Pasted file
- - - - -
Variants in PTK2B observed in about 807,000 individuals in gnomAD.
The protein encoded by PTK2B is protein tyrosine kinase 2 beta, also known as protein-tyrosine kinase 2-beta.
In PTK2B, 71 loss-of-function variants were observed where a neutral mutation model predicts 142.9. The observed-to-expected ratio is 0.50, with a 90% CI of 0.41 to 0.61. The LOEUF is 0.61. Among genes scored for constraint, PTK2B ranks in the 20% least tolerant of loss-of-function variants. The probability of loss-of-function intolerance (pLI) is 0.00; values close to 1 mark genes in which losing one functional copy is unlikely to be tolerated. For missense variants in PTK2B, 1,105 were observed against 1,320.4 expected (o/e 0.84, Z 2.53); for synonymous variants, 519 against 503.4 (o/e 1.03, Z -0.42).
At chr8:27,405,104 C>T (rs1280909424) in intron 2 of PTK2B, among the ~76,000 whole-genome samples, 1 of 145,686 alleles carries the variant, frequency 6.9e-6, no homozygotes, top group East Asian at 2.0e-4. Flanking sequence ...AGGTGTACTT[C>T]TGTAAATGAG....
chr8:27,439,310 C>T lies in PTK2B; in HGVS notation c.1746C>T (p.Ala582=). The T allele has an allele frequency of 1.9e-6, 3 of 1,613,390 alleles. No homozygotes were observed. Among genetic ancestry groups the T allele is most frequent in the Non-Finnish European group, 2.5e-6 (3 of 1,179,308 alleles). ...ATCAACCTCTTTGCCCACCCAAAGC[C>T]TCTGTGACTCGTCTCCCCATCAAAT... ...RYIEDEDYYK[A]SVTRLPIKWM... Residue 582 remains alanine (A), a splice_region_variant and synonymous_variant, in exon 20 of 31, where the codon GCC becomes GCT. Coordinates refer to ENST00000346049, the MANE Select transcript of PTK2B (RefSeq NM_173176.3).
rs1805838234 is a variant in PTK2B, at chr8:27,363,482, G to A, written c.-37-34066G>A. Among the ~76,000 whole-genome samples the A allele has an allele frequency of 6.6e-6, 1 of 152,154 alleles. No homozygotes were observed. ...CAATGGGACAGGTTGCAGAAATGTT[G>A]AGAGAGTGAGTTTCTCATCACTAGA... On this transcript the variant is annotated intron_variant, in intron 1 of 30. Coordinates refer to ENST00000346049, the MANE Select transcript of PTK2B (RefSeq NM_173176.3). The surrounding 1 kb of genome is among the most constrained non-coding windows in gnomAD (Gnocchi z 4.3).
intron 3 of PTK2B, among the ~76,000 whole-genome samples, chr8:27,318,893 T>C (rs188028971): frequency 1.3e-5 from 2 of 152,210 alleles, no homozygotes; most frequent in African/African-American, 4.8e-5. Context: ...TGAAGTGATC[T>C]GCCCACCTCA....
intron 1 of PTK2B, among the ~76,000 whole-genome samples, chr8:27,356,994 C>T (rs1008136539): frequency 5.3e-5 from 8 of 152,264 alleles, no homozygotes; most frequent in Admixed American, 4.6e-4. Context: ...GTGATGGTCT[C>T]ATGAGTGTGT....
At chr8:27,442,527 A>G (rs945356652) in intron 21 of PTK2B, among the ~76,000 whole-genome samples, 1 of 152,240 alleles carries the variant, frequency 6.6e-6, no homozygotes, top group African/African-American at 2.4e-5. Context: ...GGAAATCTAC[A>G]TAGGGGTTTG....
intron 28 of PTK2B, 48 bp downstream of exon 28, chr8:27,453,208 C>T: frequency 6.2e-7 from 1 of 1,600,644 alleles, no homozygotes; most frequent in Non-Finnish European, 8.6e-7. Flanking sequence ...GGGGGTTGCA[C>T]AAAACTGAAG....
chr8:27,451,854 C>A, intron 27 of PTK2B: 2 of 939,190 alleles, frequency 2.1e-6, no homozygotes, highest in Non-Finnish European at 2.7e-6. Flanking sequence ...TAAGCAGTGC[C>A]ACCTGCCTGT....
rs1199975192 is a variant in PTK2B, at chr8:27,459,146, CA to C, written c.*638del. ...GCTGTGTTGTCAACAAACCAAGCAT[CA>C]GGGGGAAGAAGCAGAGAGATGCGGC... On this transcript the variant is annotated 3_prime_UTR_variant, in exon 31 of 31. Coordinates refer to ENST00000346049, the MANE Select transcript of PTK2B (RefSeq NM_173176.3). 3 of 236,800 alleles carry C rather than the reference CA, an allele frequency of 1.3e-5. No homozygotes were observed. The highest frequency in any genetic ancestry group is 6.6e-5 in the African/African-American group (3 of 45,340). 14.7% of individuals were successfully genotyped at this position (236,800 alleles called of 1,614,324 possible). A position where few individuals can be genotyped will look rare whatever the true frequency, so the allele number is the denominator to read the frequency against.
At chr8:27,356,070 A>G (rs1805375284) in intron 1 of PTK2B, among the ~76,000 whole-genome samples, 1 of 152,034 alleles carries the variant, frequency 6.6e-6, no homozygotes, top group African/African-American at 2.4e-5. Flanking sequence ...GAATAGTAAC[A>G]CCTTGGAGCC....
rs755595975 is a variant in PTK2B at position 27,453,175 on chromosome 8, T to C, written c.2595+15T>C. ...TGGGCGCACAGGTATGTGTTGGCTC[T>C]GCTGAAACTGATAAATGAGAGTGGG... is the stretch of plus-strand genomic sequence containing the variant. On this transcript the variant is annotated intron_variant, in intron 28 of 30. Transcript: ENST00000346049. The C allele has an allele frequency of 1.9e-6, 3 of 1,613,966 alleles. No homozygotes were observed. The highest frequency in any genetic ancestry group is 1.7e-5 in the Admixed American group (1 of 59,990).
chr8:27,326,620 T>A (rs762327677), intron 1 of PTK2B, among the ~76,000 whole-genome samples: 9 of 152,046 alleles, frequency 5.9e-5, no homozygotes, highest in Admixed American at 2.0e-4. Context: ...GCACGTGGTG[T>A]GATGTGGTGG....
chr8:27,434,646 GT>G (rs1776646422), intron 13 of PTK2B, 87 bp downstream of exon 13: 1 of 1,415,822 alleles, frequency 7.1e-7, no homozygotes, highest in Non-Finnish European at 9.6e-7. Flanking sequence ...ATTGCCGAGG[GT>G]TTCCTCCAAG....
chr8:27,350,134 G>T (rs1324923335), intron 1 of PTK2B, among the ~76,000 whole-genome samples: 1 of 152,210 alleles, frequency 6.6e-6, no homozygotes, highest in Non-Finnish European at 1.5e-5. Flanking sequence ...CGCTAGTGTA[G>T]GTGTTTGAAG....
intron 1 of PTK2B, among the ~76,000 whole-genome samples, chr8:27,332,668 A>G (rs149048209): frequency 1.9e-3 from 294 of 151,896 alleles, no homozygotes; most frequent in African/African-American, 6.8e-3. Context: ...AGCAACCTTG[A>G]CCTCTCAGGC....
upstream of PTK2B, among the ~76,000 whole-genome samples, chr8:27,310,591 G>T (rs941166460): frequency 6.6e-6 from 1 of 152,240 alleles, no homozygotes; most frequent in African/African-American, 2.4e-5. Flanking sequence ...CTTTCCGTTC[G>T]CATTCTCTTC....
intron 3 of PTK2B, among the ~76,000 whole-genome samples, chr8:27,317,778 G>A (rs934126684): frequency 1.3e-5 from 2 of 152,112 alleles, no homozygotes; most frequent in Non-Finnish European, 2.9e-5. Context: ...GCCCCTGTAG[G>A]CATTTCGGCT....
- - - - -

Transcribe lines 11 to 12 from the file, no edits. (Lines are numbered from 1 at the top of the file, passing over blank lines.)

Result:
chr8:27,451,854 C>A, intron 27 of PTK2B: 2 of 939,190 alleles, frequency 2.1e-6, no homozygotes, highest in Non-Finnish European at 2.7e-6. Flanking sequence ...TAAGCAGTGC[C>A]ACCTGCCTGT....
rs1199975192 is a variant in PTK2B, at chr8:27,459,146, CA to C, written c.*638del. ...GCTGTGTTGTCAACAAACCAAGCAT[CA>C]GGGGGAAGAAGCAGAGAGATGCGGC... On this transcript the variant is annotated 3_prime_UTR_variant, in exon 31 of 31. Coordinates refer to ENST00000346049, the MANE Select transcript of PTK2B (RefSeq NM_173176.3). 3 of 236,800 alleles carry C rather than the reference CA, an allele frequency of 1.3e-5. No homozygotes were observed. The highest frequency in any genetic ancestry group is 6.6e-5 in the African/African-American group (3 of 45,340). 14.7% of individuals were successfully genotyped at this position (236,800 alleles called of 1,614,324 possible). A position where few individuals can be genotyped will look rare whatever the true frequency, so the allele number is the denominator to read the frequency against.